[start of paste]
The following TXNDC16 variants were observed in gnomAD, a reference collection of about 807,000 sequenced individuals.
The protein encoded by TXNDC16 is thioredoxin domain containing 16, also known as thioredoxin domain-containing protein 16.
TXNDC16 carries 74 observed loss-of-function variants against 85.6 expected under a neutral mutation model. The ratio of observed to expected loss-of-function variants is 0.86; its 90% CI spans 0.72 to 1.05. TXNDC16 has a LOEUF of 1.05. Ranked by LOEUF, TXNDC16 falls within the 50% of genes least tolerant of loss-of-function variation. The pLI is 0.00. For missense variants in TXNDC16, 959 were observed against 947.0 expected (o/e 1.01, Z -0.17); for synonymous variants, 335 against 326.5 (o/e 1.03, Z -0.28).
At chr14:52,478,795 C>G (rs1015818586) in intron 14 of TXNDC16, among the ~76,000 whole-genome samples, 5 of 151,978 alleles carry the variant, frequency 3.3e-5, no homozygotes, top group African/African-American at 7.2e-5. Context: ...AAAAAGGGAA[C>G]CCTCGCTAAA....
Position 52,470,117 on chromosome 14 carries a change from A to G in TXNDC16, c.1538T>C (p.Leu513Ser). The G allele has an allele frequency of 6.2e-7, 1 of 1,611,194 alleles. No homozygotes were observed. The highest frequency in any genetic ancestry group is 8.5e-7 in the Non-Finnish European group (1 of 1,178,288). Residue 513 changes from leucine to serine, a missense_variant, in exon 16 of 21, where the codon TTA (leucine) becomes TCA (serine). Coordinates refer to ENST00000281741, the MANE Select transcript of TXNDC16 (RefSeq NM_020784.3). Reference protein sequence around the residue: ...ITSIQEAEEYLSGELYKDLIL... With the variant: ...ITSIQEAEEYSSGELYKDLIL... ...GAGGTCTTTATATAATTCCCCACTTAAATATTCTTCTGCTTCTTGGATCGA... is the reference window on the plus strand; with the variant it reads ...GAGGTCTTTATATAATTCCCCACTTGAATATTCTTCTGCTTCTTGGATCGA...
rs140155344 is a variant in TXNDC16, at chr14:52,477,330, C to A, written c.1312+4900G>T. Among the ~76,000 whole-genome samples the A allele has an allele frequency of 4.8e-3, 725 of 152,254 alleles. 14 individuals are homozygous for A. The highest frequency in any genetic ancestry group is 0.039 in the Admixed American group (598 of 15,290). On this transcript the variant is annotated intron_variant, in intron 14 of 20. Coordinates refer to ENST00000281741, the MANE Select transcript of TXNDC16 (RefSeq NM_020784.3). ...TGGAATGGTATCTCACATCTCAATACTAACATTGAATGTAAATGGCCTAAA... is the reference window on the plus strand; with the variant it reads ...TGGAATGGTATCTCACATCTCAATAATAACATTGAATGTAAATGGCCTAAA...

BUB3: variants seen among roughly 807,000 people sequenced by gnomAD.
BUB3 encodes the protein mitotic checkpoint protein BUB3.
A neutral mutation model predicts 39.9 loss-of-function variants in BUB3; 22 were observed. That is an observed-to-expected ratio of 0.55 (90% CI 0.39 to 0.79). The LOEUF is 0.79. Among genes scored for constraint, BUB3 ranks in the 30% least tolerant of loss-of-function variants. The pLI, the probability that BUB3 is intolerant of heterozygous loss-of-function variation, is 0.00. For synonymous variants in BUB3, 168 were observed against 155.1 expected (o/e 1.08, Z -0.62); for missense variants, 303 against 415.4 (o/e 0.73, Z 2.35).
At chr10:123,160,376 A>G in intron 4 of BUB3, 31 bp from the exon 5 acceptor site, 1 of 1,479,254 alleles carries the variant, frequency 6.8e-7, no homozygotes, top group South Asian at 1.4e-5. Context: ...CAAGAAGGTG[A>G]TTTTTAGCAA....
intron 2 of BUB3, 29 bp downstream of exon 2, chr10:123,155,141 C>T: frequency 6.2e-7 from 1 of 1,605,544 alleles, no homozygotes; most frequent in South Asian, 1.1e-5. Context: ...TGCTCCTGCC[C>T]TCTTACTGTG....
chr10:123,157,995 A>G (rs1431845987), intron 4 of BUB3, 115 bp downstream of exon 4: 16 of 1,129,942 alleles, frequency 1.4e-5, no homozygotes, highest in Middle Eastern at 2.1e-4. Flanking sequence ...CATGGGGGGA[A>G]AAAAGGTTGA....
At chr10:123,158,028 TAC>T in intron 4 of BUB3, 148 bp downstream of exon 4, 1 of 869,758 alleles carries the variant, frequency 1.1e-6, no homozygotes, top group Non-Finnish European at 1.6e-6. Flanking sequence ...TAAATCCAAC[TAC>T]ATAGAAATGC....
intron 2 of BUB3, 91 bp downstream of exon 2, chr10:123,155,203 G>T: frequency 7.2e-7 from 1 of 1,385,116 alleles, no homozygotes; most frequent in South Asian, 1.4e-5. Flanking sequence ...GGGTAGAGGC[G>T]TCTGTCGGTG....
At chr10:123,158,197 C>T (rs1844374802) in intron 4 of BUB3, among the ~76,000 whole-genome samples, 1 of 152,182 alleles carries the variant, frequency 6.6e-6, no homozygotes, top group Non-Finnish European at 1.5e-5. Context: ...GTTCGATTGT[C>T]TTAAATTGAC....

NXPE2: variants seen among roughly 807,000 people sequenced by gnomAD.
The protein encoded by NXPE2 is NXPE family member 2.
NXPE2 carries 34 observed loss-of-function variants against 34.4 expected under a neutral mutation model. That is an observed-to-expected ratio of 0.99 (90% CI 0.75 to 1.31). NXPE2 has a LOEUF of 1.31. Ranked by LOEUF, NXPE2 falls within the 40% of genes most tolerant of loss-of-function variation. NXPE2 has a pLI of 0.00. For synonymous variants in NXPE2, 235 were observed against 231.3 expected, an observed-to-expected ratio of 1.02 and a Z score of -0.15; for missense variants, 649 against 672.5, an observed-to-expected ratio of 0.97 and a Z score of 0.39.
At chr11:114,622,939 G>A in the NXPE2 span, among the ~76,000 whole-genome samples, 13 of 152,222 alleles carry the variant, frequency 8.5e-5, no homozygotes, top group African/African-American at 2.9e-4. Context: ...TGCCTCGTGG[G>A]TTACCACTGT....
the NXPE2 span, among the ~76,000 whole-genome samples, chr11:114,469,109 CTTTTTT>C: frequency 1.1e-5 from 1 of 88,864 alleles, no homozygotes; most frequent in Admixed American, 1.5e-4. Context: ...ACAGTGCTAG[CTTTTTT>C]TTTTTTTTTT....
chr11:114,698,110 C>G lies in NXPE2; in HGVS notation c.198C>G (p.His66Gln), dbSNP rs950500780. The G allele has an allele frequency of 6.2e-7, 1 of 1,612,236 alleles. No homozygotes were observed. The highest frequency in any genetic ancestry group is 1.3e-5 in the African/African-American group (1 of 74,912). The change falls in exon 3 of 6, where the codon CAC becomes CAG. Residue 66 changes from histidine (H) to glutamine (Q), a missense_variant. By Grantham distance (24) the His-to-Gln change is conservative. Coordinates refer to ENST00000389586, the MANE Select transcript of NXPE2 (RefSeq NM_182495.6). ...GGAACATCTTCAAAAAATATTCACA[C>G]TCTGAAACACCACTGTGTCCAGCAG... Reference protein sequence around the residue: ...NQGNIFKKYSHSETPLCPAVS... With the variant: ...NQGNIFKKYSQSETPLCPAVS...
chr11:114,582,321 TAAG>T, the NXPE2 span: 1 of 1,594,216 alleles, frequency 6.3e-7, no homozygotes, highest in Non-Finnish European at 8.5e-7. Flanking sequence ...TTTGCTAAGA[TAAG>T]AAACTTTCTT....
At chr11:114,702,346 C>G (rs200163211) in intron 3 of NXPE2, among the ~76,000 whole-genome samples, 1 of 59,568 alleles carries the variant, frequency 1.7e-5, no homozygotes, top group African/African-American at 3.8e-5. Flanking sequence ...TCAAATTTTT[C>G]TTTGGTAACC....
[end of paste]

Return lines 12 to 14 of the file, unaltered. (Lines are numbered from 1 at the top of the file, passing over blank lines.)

chr10:123,157,995 A>G (rs1431845987), intron 4 of BUB3, 115 bp downstream of exon 4: 16 of 1,129,942 alleles, frequency 1.4e-5, no homozygotes, highest in Middle Eastern at 2.1e-4. Flanking sequence ...CATGGGGGGA[A>G]AAAAGGTTGA....
At chr10:123,158,028 TAC>T in intron 4 of BUB3, 148 bp downstream of exon 4, 1 of 869,758 alleles carries the variant, frequency 1.1e-6, no homozygotes, top group Non-Finnish European at 1.6e-6. Flanking sequence ...TAAATCCAAC[TAC>T]ATAGAAATGC....
intron 2 of BUB3, 91 bp downstream of exon 2, chr10:123,155,203 G>T: frequency 7.2e-7 from 1 of 1,385,116 alleles, no homozygotes; most frequent in South Asian, 1.4e-5. Flanking sequence ...GGGTAGAGGC[G>T]TCTGTCGGTG....